I was at a birthday party last night and experienced the biggest culture shock of my life, forget the extreme cultural differences of Japan and forget tiny naked male sauna's in Finland this shock was to a simple birthday tradition which is generally the exact opposite of the UK, 
We went for drinks at a cocktail bar and slowly as people left one by one until it was us and the birthday girl the birthday girl got up and went to pay for the whole evening which was a fair bit of money, it is normal in Bulgarian culture for the host to pay for everything and there is more emphasis on the guests to give
presents. Wheras in my experience in the UK, generally the best friends of the birthday person will pay for drinks or the meal. What's it like in your country or what's your experience about birthdays?

Thursday, 12 July 2012

A bouquet of inspiration

I was walking through the beautiful town of Wurzburg, South Germany, one day just a few weeks ago talking to two of my friends about a really inspirational video I'd watched. I informed them, before they'd seen the video itself that it's story was not a true one. I told them I'd one day give them a bunch of inspiring videos and not tell them which was the one I spoke of that day...

A glimpse of Wurzburg

First, above, there is a photo I took that day but below I'll begin with a video taken by my first Japanese friend Koji, taken when the Sakura trees blossomed in Tokyo this year.

Secondly I'll post a cover of the Radiohead song "Creep" sung by a Belgian girls choir, the original is sung by one man and it is full of passion but a choir of young girls singing the same words resonates with me much more and really fills me with emotion, all of their words coming together like a flock of birds flying in formation.

Third I'll post a Thai short film about life and rebirth, it really inspired me when I watched it and just watched it again. I think it's message is about really making the most of life and not having regret

Each Moment is the Universe from bruce thierry on Vimeo.

Next up is another Thai short about football, trying your hardest and persevering even when the odds are against you. The music and narration is catchy too :)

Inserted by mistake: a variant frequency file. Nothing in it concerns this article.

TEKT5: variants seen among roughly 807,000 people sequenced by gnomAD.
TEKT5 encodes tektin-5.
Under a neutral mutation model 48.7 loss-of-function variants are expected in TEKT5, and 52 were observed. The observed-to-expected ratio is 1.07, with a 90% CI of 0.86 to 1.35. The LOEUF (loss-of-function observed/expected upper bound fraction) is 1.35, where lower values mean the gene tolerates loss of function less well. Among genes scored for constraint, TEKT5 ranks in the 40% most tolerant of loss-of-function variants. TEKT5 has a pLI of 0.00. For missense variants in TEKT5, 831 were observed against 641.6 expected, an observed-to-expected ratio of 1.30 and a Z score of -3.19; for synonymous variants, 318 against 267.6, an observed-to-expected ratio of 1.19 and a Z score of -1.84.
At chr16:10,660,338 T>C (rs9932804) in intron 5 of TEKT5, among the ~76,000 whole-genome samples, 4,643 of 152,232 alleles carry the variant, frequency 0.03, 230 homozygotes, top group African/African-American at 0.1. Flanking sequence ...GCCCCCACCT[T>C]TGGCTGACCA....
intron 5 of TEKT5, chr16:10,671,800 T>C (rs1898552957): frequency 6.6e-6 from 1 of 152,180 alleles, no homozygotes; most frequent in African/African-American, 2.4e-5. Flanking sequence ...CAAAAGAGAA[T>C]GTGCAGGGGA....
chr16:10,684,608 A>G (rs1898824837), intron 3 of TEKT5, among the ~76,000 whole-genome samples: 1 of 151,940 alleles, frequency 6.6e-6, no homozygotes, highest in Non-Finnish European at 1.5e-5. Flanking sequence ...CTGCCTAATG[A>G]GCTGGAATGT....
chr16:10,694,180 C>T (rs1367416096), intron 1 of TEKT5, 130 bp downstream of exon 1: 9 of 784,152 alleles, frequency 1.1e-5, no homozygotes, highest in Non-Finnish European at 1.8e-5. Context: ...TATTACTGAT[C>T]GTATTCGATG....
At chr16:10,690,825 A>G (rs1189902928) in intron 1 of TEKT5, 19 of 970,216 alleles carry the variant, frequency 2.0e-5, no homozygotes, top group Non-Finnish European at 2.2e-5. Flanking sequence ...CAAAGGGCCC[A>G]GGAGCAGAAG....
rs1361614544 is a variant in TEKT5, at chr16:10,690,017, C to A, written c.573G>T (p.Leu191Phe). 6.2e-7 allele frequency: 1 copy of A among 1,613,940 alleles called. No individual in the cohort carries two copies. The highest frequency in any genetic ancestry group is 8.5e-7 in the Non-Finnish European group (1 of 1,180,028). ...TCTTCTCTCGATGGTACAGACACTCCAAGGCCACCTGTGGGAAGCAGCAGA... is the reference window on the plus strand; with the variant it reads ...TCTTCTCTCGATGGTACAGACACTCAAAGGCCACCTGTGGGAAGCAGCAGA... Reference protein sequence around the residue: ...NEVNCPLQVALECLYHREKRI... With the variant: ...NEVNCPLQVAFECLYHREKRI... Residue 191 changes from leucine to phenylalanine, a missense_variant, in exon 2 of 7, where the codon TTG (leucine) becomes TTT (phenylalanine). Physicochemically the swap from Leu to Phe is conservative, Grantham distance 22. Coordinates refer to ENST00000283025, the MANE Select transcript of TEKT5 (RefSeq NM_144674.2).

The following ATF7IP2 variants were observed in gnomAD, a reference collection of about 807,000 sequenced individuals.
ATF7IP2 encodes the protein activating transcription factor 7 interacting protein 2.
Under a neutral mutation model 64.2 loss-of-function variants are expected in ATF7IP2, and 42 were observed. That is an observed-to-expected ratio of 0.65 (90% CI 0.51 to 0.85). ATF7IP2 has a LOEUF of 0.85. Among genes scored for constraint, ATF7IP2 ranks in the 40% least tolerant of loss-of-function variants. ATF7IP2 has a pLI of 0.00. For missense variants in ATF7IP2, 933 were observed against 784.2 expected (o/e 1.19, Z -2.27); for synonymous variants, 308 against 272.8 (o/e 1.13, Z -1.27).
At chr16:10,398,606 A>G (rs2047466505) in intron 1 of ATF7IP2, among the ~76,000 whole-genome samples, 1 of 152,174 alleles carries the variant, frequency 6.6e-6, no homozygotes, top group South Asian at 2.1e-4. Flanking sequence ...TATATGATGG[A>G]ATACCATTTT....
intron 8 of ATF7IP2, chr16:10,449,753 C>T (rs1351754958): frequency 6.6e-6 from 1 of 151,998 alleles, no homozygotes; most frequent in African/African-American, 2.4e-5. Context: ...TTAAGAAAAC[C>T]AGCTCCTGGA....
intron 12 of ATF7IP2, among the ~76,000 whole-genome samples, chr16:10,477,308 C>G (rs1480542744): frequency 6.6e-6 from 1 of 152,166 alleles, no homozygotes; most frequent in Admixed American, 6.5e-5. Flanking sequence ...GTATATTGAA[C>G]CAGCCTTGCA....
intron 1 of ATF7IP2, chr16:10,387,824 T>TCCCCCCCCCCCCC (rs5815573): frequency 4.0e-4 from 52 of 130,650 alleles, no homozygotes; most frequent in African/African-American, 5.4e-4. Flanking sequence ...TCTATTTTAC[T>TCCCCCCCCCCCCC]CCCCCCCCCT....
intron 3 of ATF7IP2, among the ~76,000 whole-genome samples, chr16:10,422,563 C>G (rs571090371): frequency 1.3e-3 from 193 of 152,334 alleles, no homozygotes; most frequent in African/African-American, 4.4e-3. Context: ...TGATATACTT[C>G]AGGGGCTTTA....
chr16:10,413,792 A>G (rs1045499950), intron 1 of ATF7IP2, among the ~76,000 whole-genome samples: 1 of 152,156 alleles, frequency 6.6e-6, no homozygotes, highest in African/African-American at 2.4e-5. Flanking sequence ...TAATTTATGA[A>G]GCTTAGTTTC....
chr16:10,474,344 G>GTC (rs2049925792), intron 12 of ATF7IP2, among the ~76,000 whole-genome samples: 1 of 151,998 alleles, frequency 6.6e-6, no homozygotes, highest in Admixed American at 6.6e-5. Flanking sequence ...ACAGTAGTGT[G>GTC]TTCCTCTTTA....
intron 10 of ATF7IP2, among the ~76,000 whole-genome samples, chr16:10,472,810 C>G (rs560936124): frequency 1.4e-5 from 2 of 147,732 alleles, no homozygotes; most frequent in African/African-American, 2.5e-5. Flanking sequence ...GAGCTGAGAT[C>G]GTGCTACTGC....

After that is a really moving animation called "The man who planted trees" it's longer (30 minutes) but absolutely brilliant and something I've watched a couple of times with different friends

The Man Who Planted Trees from Max Urai on Vimeo.

Moving away from video here's a link to a set of photographs by a Japanese photographer I really like. The set is from Yemen in 2008. Yemen is a country I'll almost definitely never visit, it's reputation is that it is incredibly dangerous, a training zone for terrorists and a very poor country. However this man's photos show a completely different side to the country, one of strength, beauty and happiness, they give us a glimpse into a part of the world most of us will never visit and that, I think, is the brilliance of photography

How about some text as well? I mean we're going through all kinds of inspiration so I'll link to two brilliant pieces of text which have really expanded my mind, first a short story by H.G.Wells, written in 1904 it's called "The country of the blind" It's about a mountaineer, climbing through some difficult cliffs when he falls into a valley completely inhabited by people with sunken eye sockets, a society that is completely blind. It's a fascinating look into how important sight is in society and how it affects language and thought.